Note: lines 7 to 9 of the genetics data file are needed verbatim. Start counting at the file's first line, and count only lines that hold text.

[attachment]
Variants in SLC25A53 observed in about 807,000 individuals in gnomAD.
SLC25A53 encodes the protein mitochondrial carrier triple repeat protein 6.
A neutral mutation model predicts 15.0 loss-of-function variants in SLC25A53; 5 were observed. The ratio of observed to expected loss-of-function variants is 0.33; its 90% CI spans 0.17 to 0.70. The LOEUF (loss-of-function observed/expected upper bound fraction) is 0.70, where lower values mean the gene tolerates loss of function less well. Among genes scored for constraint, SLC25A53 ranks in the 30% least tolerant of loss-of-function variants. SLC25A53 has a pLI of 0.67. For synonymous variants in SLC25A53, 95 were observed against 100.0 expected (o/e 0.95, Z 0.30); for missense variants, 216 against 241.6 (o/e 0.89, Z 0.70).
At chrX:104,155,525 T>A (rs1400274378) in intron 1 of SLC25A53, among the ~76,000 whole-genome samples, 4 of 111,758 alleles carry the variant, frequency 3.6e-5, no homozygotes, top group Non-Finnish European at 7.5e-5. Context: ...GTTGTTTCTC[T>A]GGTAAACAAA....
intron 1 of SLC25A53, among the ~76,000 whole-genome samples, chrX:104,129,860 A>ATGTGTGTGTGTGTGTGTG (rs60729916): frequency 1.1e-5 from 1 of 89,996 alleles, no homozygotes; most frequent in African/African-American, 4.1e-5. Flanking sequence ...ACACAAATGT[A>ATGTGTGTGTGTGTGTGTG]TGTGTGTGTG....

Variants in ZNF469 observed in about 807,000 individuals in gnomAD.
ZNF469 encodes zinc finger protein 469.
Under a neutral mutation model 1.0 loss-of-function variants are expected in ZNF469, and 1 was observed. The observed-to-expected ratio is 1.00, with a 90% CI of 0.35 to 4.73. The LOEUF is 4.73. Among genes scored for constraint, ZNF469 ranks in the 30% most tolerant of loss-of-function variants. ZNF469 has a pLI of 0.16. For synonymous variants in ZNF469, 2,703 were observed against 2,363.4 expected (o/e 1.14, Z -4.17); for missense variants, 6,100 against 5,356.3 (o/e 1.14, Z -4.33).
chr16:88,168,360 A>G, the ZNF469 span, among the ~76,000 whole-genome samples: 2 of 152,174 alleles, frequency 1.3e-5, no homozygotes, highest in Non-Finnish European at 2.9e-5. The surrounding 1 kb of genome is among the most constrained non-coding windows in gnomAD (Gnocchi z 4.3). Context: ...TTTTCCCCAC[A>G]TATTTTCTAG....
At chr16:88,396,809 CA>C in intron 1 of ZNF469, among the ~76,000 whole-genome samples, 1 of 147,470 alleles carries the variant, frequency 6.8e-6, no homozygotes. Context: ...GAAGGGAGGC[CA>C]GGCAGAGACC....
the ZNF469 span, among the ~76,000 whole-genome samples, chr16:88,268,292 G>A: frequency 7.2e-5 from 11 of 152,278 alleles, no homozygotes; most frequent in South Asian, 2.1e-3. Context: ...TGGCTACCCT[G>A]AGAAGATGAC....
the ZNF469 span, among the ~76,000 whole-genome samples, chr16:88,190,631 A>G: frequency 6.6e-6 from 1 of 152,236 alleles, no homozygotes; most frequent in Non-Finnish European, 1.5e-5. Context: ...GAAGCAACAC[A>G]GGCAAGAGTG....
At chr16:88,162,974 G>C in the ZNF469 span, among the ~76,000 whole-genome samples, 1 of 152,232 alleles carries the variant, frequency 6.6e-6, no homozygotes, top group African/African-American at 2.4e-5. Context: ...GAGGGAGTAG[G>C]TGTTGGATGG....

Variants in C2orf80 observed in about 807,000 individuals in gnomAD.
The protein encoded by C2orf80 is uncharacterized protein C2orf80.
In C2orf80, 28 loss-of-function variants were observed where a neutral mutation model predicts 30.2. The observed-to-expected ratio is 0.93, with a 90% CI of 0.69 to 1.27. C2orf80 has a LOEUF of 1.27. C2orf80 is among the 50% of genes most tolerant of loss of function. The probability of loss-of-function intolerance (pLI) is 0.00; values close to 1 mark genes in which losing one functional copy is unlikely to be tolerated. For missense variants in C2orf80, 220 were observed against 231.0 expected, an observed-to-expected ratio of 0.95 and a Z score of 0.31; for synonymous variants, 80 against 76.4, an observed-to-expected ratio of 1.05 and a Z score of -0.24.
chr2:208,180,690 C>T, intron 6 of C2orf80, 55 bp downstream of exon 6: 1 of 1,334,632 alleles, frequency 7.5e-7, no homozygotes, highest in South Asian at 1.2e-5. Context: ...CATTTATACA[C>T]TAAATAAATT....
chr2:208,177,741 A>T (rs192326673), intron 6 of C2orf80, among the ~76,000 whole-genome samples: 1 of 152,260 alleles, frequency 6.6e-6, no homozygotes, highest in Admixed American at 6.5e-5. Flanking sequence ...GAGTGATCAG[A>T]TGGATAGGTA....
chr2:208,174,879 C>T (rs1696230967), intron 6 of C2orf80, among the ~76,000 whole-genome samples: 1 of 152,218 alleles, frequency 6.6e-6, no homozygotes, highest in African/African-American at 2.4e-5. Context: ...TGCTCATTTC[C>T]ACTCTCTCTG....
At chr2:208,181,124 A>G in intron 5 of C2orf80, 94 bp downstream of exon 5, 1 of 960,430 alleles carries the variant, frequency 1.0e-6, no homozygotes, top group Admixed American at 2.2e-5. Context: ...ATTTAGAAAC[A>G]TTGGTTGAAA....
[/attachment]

ZNF469 encodes zinc finger protein 469.
Under a neutral mutation model 1.0 loss-of-function variants are expected in ZNF469, and 1 was observed. The observed-to-expected ratio is 1.00, with a 90% CI of 0.35 to 4.73. The LOEUF is 4.73. Among genes scored for constraint, ZNF469 ranks in the 30% most tolerant of loss-of-function variants. ZNF469 has a pLI of 0.16. For synonymous variants in ZNF469, 2,703 were observed against 2,363.4 expected (o/e 1.14, Z -4.17); for missense variants, 6,100 against 5,356.3 (o/e 1.14, Z -4.33).
chr16:88,168,360 A>G, the ZNF469 span, among the ~76,000 whole-genome samples: 2 of 152,174 alleles, frequency 1.3e-5, no homozygotes, highest in Non-Finnish European at 2.9e-5. The surrounding 1 kb of genome is among the most constrained non-coding windows in gnomAD (Gnocchi z 4.3). Context: ...TTTTCCCCAC[A>G]TATTTTCTAG....